Press release

Natural Environment White Paper discussion document: record response

The aim of the White Paper is to set out a clear framework for protecting and enhancing the things that nature gives us for free.

Over 15,000 people and organisations sent responses to a call for ideas on the Natural Environment White Paper, a record number for a Defra consultation, proving that people want to see a real positive change in the future of our natural environment.

The natural environment underpins our economic prosperity, health and wellbeing. The aim of the White Paper is to set out a clear framework for protecting and enhancing the things that nature gives us for free, which are too often taken for granted.

Thanking everyone for their responses, Environment Secretary Caroline Spelman said:

“I’m delighted with the overwhelming response that we have had to our call for ideas on the Natural Environment White Paper. We’ve received over 15,000 replies from individuals, NGOs and businesses, which goes to show that people really care about the natural environment and want a say in how it is managed.

“This is exactly the kind of debate that we had hoped to stimulate. A healthy environment is something that we all need, and all enjoy, so it’s vital that people get involved.  We will take these ideas forward as we look to create a new vision for our natural environment and seek opportunities to enhance its value.”

Stephanie Hilborne OBE, chief executive of The Wildlife Trusts, who is delighted with the response said: 

“This overwhelming response provides a clear message to the Government that people care passionately about the natural environment and want to see bold and ambitious action to support its recovery.

“The Wildlife Trusts actively encouraged people to play their part for nature by responding to the consultation and encouraging their friends and family to do the same.   Thousands chose to take action and show how much they value wildlife.  We know millions of people have a passion for wildlife and the natural world.  It inspires us every day and provides essential services including food and flood protection.  This White Paper is an opportunity to make a real difference and help lay solid foundations for the future.”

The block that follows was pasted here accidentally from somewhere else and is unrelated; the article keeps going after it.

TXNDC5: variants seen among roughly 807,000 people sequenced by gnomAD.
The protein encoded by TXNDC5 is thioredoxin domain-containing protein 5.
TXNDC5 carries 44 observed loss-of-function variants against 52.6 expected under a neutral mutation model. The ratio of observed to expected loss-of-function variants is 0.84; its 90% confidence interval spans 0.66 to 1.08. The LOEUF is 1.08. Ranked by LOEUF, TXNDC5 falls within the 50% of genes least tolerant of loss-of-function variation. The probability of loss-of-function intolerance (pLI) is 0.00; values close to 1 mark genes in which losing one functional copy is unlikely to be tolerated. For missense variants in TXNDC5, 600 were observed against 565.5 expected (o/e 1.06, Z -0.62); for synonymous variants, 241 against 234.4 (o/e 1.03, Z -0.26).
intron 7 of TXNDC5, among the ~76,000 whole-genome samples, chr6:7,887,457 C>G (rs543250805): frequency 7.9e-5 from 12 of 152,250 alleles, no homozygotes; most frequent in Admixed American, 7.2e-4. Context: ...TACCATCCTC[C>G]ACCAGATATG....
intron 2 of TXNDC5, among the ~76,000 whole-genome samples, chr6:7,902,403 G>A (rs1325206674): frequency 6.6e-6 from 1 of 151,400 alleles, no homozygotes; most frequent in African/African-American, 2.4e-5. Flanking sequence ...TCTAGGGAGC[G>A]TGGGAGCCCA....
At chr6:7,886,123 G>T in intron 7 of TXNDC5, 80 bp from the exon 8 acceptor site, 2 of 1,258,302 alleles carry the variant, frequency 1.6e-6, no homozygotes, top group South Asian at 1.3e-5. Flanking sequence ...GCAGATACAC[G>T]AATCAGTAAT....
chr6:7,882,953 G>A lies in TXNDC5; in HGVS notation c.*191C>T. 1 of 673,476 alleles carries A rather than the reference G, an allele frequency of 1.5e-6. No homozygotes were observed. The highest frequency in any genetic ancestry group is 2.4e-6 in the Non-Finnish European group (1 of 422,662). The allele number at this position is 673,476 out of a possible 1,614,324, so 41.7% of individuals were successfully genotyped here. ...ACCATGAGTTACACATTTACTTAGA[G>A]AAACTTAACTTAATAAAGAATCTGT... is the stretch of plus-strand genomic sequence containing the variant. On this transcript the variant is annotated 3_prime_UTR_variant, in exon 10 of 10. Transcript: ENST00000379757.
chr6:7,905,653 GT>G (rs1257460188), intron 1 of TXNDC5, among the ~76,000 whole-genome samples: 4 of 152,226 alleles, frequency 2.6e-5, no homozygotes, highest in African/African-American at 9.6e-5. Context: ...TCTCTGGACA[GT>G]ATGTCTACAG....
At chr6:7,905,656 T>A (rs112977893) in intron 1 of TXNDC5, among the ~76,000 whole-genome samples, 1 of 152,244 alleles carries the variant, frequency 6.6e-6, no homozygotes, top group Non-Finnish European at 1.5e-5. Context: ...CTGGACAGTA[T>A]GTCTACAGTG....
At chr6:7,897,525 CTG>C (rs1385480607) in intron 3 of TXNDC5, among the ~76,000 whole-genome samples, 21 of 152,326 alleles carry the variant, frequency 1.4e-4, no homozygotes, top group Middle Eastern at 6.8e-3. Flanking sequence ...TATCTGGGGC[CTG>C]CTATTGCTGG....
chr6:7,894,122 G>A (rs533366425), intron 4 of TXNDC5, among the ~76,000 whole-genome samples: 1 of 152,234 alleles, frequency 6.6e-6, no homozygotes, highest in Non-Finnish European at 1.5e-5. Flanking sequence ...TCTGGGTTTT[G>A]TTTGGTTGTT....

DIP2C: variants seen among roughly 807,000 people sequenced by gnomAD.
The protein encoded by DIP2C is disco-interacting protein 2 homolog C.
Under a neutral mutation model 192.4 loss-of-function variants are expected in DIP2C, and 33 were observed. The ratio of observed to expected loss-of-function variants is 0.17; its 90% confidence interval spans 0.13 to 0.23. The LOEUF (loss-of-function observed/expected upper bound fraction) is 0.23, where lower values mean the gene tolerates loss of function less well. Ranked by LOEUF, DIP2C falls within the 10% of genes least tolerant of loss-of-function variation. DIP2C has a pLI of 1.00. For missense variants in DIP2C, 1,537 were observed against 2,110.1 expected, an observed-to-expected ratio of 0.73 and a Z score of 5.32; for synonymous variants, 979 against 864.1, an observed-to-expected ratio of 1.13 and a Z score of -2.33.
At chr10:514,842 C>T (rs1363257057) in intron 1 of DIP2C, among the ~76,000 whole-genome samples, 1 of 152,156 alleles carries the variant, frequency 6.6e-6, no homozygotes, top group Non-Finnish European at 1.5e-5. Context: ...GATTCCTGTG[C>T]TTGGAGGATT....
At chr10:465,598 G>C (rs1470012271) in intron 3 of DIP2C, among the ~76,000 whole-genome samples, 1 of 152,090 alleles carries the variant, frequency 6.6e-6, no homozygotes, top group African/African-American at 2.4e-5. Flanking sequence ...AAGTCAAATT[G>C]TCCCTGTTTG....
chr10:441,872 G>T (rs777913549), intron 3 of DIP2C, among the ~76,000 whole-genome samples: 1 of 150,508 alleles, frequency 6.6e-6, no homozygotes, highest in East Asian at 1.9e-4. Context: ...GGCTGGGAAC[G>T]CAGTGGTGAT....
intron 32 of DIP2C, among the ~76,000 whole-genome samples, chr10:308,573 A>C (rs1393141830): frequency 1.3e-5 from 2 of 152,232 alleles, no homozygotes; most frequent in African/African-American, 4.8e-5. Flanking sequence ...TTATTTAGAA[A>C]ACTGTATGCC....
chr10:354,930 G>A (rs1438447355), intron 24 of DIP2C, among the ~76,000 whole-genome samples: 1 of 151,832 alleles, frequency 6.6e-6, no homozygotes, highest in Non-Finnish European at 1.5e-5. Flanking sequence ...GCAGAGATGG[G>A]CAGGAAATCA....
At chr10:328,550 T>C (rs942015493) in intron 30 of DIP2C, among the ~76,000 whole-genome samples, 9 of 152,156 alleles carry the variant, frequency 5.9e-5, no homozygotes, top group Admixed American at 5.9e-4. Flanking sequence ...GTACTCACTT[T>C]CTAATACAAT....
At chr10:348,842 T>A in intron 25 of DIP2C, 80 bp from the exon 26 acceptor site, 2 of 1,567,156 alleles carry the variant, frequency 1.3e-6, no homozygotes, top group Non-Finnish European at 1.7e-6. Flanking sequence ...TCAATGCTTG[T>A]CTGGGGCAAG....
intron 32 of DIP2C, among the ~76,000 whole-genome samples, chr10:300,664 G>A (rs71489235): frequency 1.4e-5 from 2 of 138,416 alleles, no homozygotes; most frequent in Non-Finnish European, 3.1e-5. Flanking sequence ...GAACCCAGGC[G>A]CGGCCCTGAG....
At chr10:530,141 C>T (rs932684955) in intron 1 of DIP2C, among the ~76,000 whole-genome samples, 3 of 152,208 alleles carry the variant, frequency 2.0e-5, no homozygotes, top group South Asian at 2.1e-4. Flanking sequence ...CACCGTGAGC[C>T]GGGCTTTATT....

Work continues to develop the White Paper for publication in the spring. As part of this, more detail has now been published on our thinking so far on biodiversity offsetting, where society is compensated for its environmental loss, by a developer paying to create or restore an area of habitat elsewhere. We would like to encourage people to give us their views on this potential approach.

Development is needed so that communities can grow and expand, but it can damage wildlife and habitats. Greater use of offsetting is one tool we could use to help us achieve a healthy natural environment.

Caroline Spelman continued:

“Finding innovative ways to protect and enhance our wildlife habitats is vital if we are to achieve the new targets to conserve the natural environment which were set in Nagoya last month.  Offsetting could deliver a range of benefits such as helping to create bigger and better areas that allow our wildlife to thrive.  We would be interested in views on how we might make greater use of this approach”

Biodiversity offsetting would not stop development or affect the rules about where development could or couldn’t take place, nor will it weaken protection for species or make it easier to build on our most valuable conservation sites, but greater use of offsetting could help compensate society for biodiversity loss.

Notes

  1. The Natural Environment White Paper will be a bold and ambitious statement outlining the government’s vision for the natural environment, backed up with practical action. It represents an opportunity to change the way we think about and manage the natural environment, seeing it as a system and valuing the services it gives us.  It will be published in Spring 2011 and will cover England only.
  2. The discussion material on biodiversity offsetting is available at archive.defra.gov.uk/environment/biodiversity/offsetting/index.htm
  3. A detailed discussion document was published on 26 July 2010 to encourage the debate about how best we protect and enhance our natural environment, and the valuable services we derive from it. At the same time a short survey was launched, designed to draw in views from the general public.
  4. These responses are currently being analysed and a summary of the key messages will be published on the Defra website prior to the publication of the White Paper.
  5. More information on Defra’s biodiversity work programme can be found on the Defra website via www.defra.gov.uk/environment/natural

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